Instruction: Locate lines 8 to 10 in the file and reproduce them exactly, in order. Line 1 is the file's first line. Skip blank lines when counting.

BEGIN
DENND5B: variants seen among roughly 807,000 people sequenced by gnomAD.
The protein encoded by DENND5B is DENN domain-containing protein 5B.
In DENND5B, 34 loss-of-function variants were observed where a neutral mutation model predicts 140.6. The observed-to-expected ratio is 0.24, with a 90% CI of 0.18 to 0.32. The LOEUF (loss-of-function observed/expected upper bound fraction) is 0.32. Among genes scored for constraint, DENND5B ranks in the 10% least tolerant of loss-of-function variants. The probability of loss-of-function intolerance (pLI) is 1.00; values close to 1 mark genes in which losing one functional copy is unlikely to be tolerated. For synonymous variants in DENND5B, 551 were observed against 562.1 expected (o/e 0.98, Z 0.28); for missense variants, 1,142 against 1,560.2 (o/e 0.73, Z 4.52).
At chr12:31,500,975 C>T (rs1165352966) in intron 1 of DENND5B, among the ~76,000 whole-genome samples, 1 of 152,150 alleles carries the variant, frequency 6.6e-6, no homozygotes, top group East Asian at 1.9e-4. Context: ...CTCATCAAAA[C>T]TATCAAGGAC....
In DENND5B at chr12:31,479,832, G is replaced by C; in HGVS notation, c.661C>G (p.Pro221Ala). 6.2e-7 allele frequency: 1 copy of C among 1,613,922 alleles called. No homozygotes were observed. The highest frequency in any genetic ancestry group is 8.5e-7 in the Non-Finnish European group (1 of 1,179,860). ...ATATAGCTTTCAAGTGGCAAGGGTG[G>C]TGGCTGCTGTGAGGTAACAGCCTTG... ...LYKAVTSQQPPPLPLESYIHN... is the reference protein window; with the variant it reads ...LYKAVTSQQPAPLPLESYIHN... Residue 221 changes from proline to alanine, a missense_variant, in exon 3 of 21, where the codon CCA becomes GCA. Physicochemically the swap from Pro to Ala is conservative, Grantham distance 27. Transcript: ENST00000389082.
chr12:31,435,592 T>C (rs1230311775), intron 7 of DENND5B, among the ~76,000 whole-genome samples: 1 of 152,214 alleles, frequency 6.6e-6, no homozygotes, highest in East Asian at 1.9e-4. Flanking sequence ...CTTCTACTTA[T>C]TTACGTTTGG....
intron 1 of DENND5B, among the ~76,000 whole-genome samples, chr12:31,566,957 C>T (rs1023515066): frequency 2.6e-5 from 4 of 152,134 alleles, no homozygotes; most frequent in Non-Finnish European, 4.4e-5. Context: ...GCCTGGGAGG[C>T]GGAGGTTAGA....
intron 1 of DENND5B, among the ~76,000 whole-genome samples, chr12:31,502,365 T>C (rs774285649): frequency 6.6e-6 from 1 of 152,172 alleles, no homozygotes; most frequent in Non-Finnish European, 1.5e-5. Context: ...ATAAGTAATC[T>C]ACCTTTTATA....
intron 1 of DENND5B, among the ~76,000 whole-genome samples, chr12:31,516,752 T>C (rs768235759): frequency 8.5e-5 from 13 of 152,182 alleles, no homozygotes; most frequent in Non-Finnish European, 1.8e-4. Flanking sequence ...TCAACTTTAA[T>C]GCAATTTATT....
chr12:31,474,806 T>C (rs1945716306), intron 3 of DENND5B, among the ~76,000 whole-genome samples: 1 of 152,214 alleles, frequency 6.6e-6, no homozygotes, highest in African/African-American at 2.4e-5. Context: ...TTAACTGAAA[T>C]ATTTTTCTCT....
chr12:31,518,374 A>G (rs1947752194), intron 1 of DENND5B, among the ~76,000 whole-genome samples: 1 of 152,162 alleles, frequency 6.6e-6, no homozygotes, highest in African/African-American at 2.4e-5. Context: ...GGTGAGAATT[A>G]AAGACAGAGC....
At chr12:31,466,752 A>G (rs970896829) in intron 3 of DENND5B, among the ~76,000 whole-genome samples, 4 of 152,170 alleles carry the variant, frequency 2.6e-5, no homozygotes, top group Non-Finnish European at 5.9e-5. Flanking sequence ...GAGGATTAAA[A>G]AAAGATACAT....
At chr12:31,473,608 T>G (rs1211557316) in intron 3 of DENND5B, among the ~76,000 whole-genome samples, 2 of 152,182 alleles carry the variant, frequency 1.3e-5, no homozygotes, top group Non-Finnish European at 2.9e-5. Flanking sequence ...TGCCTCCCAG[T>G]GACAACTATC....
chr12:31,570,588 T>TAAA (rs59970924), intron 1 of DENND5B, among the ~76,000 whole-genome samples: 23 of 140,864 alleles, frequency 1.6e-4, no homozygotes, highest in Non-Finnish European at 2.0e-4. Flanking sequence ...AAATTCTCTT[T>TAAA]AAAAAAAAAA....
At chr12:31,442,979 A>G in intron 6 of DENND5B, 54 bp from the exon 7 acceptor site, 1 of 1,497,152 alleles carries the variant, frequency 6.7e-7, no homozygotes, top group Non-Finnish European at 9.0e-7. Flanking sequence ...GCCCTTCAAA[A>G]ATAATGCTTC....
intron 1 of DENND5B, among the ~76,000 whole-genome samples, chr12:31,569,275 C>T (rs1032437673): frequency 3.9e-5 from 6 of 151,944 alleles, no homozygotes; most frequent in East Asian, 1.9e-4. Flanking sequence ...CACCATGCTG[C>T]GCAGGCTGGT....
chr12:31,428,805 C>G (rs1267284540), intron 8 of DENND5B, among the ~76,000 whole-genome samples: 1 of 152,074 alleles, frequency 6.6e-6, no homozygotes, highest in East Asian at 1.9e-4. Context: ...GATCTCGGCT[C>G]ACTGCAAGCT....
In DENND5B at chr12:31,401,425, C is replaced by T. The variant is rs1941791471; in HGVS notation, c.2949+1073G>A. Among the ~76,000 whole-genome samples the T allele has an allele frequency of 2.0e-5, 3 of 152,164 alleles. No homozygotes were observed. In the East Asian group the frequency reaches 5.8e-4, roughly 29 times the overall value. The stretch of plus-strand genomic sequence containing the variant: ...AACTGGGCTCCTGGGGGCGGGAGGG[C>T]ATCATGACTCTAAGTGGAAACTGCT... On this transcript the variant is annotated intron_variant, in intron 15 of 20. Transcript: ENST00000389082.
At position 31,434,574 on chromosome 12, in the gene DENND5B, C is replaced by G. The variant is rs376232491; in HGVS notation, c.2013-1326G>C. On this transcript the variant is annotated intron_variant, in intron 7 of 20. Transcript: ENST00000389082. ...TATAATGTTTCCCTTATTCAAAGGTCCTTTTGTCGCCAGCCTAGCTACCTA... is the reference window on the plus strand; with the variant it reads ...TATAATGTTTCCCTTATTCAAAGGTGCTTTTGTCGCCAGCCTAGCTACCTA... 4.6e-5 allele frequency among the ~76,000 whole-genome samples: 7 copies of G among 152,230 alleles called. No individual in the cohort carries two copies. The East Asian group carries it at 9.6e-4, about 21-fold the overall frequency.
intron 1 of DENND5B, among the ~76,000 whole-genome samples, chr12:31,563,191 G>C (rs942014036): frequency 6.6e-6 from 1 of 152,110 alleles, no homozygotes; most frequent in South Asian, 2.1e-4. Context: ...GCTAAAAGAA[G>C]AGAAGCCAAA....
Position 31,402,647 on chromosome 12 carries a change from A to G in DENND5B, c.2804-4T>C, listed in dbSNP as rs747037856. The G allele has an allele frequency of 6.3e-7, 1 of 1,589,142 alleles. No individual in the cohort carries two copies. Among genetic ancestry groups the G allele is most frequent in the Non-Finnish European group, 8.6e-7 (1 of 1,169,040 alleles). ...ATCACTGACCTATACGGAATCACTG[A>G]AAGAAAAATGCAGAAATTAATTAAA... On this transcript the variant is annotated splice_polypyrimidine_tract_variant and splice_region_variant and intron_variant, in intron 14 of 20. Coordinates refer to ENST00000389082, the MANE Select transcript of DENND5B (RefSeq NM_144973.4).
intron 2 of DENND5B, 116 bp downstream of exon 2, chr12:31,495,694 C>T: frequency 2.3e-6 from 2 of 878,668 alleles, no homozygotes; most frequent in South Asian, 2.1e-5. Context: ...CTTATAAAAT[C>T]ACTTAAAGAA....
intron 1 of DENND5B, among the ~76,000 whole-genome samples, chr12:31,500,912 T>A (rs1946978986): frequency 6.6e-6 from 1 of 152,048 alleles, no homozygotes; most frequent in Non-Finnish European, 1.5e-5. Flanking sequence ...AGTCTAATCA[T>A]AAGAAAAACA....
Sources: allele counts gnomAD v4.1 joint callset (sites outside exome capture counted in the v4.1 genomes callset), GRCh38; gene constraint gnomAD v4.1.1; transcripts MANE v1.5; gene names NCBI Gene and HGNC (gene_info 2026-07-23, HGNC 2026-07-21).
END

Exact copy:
intron 1 of DENND5B, among the ~76,000 whole-genome samples, chr12:31,502,365 T>C (rs774285649): frequency 6.6e-6 from 1 of 152,172 alleles, no homozygotes; most frequent in Non-Finnish European, 1.5e-5. Context: ...ATAAGTAATC[T>C]ACCTTTTATA....
intron 1 of DENND5B, among the ~76,000 whole-genome samples, chr12:31,516,752 T>C (rs768235759): frequency 8.5e-5 from 13 of 152,182 alleles, no homozygotes; most frequent in Non-Finnish European, 1.8e-4. Flanking sequence ...TCAACTTTAA[T>C]GCAATTTATT....
chr12:31,474,806 T>C (rs1945716306), intron 3 of DENND5B, among the ~76,000 whole-genome samples: 1 of 152,214 alleles, frequency 6.6e-6, no homozygotes, highest in African/African-American at 2.4e-5. Context: ...TTAACTGAAA[T>C]ATTTTTCTCT....